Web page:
In fairness, this film is pitched purely at the under 13 set, so criticism of the intelligence level of the film is probably misplaced. This kind of gratuitous slapstick and broad comedy just looks odd in modern contexts, and there's not a lot of moments in the trailer that really qualify as clever or funny. Even the tagline, “Just Say Moe”, makes no sense. Was that the first thing they came up with and called it a day? It sure shows the care they probably took in making this, which is to say not much. Don't expect a lot out of this, with maybe a $9 million opening in store.
Whatever criticisms might get laid at the feet of Lockout, a lack of plot won't be one of them. Guy Pearce stars as a wrongly-convicted man chosen for a one-man mission to rescue the President's daughter from a prison riot – in space. Hey, at least it's been a while since Escape from L.A., and maybe putting it in space could add something. Or probably it's just a gimmick. But it's worth a shot, right?
Another thing you have to give the film is that it sure looks like they're having fun with the concept, though whether the script, the action or the effects are any good are still up for debate. It's a Luc Bresson production, which can mean a wide variance in making any sense. That is, if they even get to American shores – for every Besson production you see, there's like eight more out there in the world somewhere. With a different star, this might have gotten an actual push, but Pearce is still pretty much a non-factor as a draw. Describing his character entirely in cliches and tropes doesn't help things. The bottom line here is that without a big ad push, a star that people care about or any kind of money shot in the trailer, this is going to be a quickly forgotten film. I'd say we're looking at around $4 million here.
That leaves things wide open for The Hunger Games to take a fourth straight weekend crown. After a pretty steep fall in its second weekend, things turned around a bit, and it held serve with a $33 million third weekend. Currently sitting at around $315 million domestic, it should hit the top 20 all time by the middle of next week after a $19 million take this weekend.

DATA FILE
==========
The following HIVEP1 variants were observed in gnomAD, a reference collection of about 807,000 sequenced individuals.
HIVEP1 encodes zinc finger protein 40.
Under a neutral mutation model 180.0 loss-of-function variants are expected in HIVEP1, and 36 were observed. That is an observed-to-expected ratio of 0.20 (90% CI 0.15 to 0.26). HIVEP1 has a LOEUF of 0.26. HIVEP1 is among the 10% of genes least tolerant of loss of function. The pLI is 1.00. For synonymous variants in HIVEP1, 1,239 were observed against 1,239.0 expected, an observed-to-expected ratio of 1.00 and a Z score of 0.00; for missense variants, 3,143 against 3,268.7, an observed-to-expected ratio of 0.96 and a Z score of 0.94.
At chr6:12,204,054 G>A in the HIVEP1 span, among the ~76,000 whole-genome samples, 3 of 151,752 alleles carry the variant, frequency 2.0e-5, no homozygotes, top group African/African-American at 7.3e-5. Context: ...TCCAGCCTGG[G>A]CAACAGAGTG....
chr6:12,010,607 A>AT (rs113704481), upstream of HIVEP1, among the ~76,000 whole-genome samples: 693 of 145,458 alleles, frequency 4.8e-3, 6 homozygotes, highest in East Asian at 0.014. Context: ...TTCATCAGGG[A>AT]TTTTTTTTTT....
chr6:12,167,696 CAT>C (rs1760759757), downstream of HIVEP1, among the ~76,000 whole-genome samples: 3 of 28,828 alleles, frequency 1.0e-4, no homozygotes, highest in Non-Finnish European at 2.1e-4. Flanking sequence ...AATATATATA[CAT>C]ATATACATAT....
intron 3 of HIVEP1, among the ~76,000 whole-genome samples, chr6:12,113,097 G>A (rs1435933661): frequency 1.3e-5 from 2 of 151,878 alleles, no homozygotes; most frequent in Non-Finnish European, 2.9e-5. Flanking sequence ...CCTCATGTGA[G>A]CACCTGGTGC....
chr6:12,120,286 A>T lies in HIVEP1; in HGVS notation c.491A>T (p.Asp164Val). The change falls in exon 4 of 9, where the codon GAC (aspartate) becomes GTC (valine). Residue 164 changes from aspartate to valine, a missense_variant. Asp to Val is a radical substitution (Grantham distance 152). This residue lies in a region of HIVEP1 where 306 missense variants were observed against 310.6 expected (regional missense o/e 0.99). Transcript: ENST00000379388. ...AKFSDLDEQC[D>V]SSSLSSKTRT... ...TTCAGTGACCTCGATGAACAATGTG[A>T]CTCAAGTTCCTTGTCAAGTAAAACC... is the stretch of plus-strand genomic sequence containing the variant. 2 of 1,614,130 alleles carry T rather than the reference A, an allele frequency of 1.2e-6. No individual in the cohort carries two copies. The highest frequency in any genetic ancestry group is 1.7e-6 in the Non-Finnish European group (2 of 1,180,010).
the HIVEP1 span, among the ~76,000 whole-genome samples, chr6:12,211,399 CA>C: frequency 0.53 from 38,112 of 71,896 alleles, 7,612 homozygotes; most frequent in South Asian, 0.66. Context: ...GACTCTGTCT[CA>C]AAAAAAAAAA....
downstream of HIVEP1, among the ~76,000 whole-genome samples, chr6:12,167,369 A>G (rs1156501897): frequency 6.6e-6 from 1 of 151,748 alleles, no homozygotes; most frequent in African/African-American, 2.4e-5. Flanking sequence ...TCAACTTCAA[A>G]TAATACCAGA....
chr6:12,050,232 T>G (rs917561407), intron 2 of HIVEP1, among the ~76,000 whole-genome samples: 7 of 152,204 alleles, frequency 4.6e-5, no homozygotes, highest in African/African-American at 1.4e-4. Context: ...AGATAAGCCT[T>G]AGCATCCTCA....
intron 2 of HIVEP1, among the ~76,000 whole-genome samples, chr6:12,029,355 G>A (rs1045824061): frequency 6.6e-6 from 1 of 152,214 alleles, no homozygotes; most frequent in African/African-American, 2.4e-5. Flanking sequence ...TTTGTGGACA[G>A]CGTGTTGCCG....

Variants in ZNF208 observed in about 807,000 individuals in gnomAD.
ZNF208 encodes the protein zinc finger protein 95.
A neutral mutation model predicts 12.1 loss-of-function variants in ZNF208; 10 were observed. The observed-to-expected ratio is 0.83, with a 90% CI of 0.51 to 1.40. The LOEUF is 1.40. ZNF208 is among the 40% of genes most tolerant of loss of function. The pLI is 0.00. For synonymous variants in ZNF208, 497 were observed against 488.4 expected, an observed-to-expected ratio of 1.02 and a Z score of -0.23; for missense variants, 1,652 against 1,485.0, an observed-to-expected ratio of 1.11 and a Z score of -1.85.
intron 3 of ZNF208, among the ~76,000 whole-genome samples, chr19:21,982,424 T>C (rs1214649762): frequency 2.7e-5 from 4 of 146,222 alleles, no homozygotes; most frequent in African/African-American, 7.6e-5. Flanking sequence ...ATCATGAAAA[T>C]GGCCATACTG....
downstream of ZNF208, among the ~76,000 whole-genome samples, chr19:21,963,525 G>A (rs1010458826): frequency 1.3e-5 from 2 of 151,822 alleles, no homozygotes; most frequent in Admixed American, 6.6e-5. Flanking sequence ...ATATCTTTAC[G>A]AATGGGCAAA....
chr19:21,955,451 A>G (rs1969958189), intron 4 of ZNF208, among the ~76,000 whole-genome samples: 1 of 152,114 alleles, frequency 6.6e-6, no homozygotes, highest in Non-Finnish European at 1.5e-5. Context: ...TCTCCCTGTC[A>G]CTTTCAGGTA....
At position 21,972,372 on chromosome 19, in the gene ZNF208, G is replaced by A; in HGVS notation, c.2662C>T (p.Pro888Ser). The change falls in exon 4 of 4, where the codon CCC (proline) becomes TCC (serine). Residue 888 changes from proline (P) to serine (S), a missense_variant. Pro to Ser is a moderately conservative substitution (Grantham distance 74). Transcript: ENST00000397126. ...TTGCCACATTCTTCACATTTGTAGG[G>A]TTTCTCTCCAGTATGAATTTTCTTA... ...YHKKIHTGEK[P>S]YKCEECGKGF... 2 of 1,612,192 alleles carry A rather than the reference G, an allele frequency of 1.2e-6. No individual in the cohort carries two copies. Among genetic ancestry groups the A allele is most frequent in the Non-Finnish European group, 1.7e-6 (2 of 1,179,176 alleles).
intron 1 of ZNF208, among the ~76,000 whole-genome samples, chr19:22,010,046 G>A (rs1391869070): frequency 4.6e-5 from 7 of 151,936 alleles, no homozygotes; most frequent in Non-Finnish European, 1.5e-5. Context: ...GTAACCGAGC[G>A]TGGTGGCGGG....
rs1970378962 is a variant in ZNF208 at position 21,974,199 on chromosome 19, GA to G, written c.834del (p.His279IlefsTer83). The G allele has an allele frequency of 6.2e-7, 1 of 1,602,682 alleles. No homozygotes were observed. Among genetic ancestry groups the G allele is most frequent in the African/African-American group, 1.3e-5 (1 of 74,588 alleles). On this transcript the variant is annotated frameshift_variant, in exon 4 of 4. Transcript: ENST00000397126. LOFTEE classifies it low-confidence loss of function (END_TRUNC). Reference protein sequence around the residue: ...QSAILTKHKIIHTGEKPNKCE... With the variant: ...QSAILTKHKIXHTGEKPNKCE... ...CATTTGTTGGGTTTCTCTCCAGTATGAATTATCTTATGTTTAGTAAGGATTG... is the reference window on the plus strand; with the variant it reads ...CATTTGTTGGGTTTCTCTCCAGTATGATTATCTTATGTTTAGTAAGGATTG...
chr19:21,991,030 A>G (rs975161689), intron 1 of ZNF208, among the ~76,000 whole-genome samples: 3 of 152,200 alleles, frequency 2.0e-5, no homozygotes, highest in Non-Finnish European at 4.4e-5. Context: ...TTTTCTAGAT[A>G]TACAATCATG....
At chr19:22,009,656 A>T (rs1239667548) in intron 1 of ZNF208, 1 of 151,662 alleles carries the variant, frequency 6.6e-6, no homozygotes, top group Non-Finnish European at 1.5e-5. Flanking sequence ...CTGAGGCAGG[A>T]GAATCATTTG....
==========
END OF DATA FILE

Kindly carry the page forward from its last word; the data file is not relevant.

American Reunion defied its inessential nature to earn $21 million in its bow, though this represents a low point in its inflation-adjusted history. Whereas the rest of the American Pie series all broke $100 million domestic, this one might struggle to crack $60 million. I'd add another $11 million to its total for this weekend.
Titanic 3D failed to make as much of a splash as many might have thought, with just $17 million and $26 million over five days. That's quite a bit less proportionally to some of the other 3D re-releases like The Lion King and Beauty and the Beast, considering this was once upon a time the box office champ. Perhaps it's backlash, perhaps the core audience was smaller than we thought, but either way it's a bit disappointing. I'd expect about $10 million here.
Crowding around the $6 million mark should be three more carryovers, Wrath of the Titans, Mirror Mirror and 21 Jump Street. Of these, only the latter should be this far down in its weekend number already. While Mirror Mirror's eventual $60 million total looks pretty bad, Wrath's future $90 million finish is a much bigger disaster on a relative scale. Meanwhile, the TV adaptation is cruising along towards $150 million.